3. Call Them by Their True Names by Rebecca Solnit
4. Caste by Isabel Wilkerson
5. Visionary Women by Andrea Barnet
6. Presidential Elections and Majority Rule by Edward B. Foley
7. Chesapeake Requiem by Earl Swift

Bottom of the bunch:
1. The Anarchy by William Dalrymple – I had high hopes for this nonfiction about India and British interference, but it ended up being too focused on war and not enough on culture/society for my taste
2. The Hills Reply by Tarjei Vesaas – I’ve loved other books by this author, but this was so poetic that I couldn’t grasp the point
3. The British are Coming by Rick Atkinson – another one that, for me, was too focused on war and troop movements to grab my interest
4. The Commandant by Jessica Anderson – this sounded appealing (woman-centered historical fiction set in Australian penal colonies) but it had too much of a 1970s vibe for me
5. Camilla by Fanny Burney – just too long and melodramatic, read Evelina instead!

Muokkaaja: joulukuu 28, 2020, 8:13pm

Ducks, Newburyport - the stream of conscious just worked for me. The best book I read all year.

Iza's Ballad - the complete, genuine inability of Iza and Ettie to understand each other is perfectly told

How We Fight for Our Lives - a compelling, beautifully told memoir

Lost Children Archive - there is something about her prose & the novel's structure that I loved

Anniversaries: From a Year in the Life of Gesine Cresspahl - technically I started this on 21-Aug-2019 (the year of the novel is 21-Aug-1967 to 20-Aug-1968), but I loved the chapter a day structure, the mixture of news stories from NYTimes with fictional events, the dual timelines, and the obvious love for NYC

The Book of Disquiet - the backstory of the novel is almost as intriguing as the work itself

The Magic Mountain - read in Sep/Oct and after 6 months of pandemic life, Hans' life in a sanatorium was sounding really good - five excellent catered meals a day, daily walks in the mountains, and numerous rest periods in the day spent in the most comfortable and ingenuous lounge chair ever. And since everyone there was already sick they didn't need to wear masks or practice social distancing!

joulukuu 28, 2020, 8:54pm

>16 ELiz_M:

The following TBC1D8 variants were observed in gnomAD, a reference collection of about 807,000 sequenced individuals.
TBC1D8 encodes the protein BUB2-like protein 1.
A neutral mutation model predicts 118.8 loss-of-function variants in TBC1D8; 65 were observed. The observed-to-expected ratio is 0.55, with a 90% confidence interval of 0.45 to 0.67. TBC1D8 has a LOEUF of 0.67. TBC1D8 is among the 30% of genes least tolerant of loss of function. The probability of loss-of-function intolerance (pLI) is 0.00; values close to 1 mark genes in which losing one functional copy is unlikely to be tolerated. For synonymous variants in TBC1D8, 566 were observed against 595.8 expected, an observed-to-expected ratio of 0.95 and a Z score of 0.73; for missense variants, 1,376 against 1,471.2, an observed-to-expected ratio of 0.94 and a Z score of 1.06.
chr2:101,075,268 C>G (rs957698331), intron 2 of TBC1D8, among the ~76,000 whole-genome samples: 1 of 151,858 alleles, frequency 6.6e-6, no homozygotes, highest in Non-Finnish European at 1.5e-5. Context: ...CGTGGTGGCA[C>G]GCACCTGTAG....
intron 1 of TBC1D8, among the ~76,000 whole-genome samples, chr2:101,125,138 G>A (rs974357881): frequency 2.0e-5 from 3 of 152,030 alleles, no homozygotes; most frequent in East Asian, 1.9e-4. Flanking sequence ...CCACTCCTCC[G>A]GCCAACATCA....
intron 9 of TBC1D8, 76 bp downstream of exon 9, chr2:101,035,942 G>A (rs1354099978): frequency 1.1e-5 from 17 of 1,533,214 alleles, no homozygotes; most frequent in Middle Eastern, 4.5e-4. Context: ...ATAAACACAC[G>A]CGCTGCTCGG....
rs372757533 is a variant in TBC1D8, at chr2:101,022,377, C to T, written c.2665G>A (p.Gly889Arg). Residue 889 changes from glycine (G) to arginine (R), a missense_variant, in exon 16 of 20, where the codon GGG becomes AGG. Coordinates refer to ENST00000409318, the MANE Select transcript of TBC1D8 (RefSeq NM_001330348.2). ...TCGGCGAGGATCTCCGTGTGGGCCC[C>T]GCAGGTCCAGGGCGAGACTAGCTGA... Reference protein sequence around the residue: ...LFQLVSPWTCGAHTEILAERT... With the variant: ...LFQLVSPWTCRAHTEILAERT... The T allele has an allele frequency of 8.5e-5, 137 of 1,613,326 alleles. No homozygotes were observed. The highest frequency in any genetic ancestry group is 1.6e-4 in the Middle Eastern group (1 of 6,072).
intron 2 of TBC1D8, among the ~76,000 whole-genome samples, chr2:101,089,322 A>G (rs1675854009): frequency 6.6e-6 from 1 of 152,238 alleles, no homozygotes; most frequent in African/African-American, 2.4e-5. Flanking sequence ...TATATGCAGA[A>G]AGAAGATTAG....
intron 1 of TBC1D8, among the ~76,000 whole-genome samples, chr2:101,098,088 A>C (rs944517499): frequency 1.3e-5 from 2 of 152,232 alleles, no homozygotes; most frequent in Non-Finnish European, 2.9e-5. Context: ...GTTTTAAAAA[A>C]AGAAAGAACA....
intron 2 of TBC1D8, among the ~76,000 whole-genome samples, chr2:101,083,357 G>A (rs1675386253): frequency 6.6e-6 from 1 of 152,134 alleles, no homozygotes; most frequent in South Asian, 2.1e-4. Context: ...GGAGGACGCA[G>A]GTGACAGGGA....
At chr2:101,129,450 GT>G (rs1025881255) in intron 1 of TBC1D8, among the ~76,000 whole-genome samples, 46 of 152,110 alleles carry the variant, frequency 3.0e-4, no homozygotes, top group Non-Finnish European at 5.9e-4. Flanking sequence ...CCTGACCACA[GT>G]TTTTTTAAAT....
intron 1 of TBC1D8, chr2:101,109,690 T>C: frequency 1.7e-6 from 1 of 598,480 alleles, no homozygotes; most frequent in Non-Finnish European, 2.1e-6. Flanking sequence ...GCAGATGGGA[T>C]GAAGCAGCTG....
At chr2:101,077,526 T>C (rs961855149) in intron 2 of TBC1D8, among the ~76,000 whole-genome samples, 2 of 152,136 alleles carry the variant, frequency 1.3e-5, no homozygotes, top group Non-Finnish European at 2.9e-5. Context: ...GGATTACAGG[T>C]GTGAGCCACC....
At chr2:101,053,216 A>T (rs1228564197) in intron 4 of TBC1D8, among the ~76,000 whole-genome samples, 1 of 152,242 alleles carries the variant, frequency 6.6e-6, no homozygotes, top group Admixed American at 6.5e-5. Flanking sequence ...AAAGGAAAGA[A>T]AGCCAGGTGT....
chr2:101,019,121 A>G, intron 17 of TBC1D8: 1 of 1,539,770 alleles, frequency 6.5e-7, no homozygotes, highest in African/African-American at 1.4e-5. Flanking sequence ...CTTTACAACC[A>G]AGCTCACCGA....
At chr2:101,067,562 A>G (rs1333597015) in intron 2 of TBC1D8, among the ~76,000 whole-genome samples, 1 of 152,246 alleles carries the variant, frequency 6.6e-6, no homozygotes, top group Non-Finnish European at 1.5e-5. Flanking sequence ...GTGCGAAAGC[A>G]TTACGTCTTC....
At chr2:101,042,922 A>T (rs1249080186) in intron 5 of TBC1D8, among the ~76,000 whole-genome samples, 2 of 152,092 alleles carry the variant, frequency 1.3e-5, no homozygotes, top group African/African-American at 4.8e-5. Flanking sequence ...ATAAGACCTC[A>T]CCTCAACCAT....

Which translation of The magic Mountain did you read? The Woods' translation wasn't around when I first read the novel, and so I picked it up earlier in the year. For comparison, I'm now rereading the older Lowe-Porter translation, which I prefer. Such a wonderful book!

Muokkaaja: joulukuu 30, 2020, 6:37pm

I have read 98 books this year and today I thought maybe I could make that a round 100 especially as I was over halfway through my current novel and had nearly finished a poetry collection. Then I thought whats so special about 100, why spend the whole of the last day of 2020 trying to finish two books to meet some stupid self imposed deadline. Relax - don't do it, so I didn't and my total of books read this year will be 98 or perhaps 99 if I finish that poetry collection.

First category is Shakespeare's plays - I read 8 and watched the BBC productions of seven of them.

King Henry VI part 2
King Henry VI part 3
A Comedy of Errors
King Edward III
King Henry VI part 1
The Two Gentlemen Of Verona
King Richard III
Titus Andronicus.

I enjoyed them all, but there were joint best reads for King Henry VI part 3 and Richard III. The BBC play I enjoyed the most was Comedy of Errors starring Roger Daltry of the WHO (rock group). My wife keeps talking about the WHO (W.H.O.) this year and I always have to do a double take. The worst of the plays was King Edward III, but then that probably wasn't written by Shakespeare.

I read other plays but only Christopher Marlowe's Edward II came close to the Shakespeare (the ones that were written by him). Honourable mentions for Friar Bacon and Friar Bungay by Robert Greene, The old Wives Tale by George Peele and Love's Metamorphosis by John Lyly.

Another category in the Elizabethan section was Poetry and this meant by and large Elizabethan Love sonnets. Following on from reading the very good collection by Sir Philip Sidney the previous year nothing came close this year. The best was Samuel Daniel's Delia.

Science Fiction and three categories here: